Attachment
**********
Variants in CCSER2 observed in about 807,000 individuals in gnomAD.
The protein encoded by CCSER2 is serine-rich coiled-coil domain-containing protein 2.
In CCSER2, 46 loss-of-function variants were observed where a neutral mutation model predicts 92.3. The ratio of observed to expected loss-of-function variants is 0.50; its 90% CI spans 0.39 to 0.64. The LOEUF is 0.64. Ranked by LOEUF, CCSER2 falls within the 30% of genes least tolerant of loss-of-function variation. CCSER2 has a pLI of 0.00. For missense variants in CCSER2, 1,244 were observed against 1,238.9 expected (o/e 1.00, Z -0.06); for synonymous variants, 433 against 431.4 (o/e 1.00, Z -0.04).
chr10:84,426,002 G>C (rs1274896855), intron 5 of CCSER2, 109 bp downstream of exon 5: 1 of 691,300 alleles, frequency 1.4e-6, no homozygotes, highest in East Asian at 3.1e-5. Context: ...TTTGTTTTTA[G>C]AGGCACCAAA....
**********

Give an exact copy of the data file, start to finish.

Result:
Variants in CCSER2 observed in about 807,000 individuals in gnomAD.
The protein encoded by CCSER2 is serine-rich coiled-coil domain-containing protein 2.
In CCSER2, 46 loss-of-function variants were observed where a neutral mutation model predicts 92.3. The ratio of observed to expected loss-of-function variants is 0.50; its 90% CI spans 0.39 to 0.64. The LOEUF is 0.64. Ranked by LOEUF, CCSER2 falls within the 30% of genes least tolerant of loss-of-function variation. CCSER2 has a pLI of 0.00. For missense variants in CCSER2, 1,244 were observed against 1,238.9 expected (o/e 1.00, Z -0.06); for synonymous variants, 433 against 431.4 (o/e 1.00, Z -0.04).
chr10:84,426,002 G>C (rs1274896855), intron 5 of CCSER2, 109 bp downstream of exon 5: 1 of 691,300 alleles, frequency 1.4e-6, no homozygotes, highest in East Asian at 3.1e-5. Context: ...TTTGTTTTTA[G>C]AGGCACCAAA....